“There were many more trees to begin with than now. The thing that — and I’ll call out Alex specifically — the thing that really has happened since he became superintendent is a deep-tine aerating program and heavy topdressing program, which has allowed percolation during those summer rain events that we always seem to get,” Peterson says. “The course drains so much better, and the ability to have a deep root structure in the greens has made a huge difference. It’s now able to withstand what summers are like here.”
According to Bert Schmidt, John Deere’s global manager of market development and strategy for golf, being located near John Deere’s headquarters has allowed TPC Deere Run to take advantage of numerous innovations, such as John Deere’s introduction of its electric reel technology to the golf industry. “Golf is a special part of the John Deere business. One benefit that John Deere has with our ties to other industries, including agriculture, is that we can leverage the significant investments in research and development across the enterprise to deliver a robust portfolio of golf, turf and utility products,” Schmidt says.
Editor’s note: At the 2019 John Deere Classic, John Deere gave a select group of golf course superintendents a peek at its autonomous fairway mower. See the machine in action.
Since its founding, the PGA Tour’s Quad Cities tournament has helped raise more than $133 million for local charities, with more than 99% of it generated since John Deere became the title sponsor. That resonates with Stuedemann and makes him proud to be along for the ride. “It’s part of me,” he says.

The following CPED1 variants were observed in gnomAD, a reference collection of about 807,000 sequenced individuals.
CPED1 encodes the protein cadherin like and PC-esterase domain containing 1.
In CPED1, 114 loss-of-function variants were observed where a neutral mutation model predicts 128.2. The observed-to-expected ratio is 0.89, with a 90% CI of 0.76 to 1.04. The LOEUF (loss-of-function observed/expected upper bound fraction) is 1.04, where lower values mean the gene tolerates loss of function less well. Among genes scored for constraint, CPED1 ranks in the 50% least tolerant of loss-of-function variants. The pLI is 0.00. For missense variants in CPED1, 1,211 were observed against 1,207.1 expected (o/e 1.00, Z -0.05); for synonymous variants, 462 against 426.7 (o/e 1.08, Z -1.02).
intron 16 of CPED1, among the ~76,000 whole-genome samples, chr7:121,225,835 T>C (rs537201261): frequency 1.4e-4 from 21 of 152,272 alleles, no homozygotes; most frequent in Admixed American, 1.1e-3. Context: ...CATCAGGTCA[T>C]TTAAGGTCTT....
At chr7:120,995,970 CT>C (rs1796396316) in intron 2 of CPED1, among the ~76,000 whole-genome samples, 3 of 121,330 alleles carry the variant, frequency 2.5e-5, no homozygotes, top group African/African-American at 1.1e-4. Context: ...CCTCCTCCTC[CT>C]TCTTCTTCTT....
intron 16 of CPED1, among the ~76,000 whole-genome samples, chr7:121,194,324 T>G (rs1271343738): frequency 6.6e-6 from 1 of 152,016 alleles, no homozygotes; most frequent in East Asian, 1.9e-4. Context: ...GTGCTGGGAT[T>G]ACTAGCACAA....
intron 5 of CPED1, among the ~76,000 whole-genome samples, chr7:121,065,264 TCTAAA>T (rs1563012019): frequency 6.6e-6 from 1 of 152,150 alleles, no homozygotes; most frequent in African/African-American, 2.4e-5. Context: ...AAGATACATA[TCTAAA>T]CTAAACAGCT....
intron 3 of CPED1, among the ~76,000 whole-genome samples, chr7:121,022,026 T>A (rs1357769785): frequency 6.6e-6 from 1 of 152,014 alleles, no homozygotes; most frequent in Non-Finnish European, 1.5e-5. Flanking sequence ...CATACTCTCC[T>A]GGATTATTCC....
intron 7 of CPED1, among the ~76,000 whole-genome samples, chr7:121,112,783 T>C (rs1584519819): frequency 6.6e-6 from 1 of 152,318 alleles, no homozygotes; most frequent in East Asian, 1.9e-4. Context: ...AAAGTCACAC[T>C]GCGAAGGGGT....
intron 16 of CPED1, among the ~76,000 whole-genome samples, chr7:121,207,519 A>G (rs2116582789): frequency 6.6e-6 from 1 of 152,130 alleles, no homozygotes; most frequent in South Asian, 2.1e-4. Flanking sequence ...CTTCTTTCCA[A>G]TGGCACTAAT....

After the John Deere Classic concludes on Sunday, Stuedemann and his crew — including assistants Andy Cooper, a three-year GCSAA member, and Jarrett Chapman, a five-year member — will be on to the next big thing: a complete bunker renovation (78 of them). “New sand, new liners. ... And we’ll make a few adjustments so the bunkers blend the proper strategy, aesthetics and maintenance,” Stuedemann says. “Assets age, and our bunkers have certainly paid their rent.”
The 2021 John Deere Classic: Golf course facts
The 2021 John Deere Classic will be held July 8-11 at TPC Deere Run in Silvis, Ill.
Greens: L-93 bentgrass maintained at .100 inch
Tees: Southshore bentgrass maintained at .375 inch
Fairways: Southshore bentgrass maintained at .400 inch
Rough: Kentucky bluegrass/fescue maintained at 4 inches
Year built: 2000
Architect: D.A. Weibring
Average green size: 5,500 square feet
Acres of fairway: 28
Acres of rough: 120
Number of sand bunkers: 78
Number of water hazards: 3
Number of holes on which water is in play: 3
Soil conditions: Silty clay
Water sources: Surface water
- The Silvis, Ill., area had a wet spring followed by above-average temperatures. Golf course maintenance practices have been cautious and geared toward long-term plant health.
- TPC Deere Run has hosted the John Deere Classic since 2000.
- TPC Deere Run architect D.A. Weibring, an Illinois native, is a three-time winner of the event (1979, 1991 and 1995) when it was called the Quad Cities Classic.
Alex Stuedemann, CGCS, director of golf course maintenance operations
Andy Cooper, assistant superintendent
Jarrett Chapman, assistant superintendent
Bruce Phillipson, equipment manager
Todd Hajduk, director of golf
Andrew Elliott, PGA professional
Number of employees: 25
Number of tournament volunteers: 30
Howard Richman is GCM’s associate editor.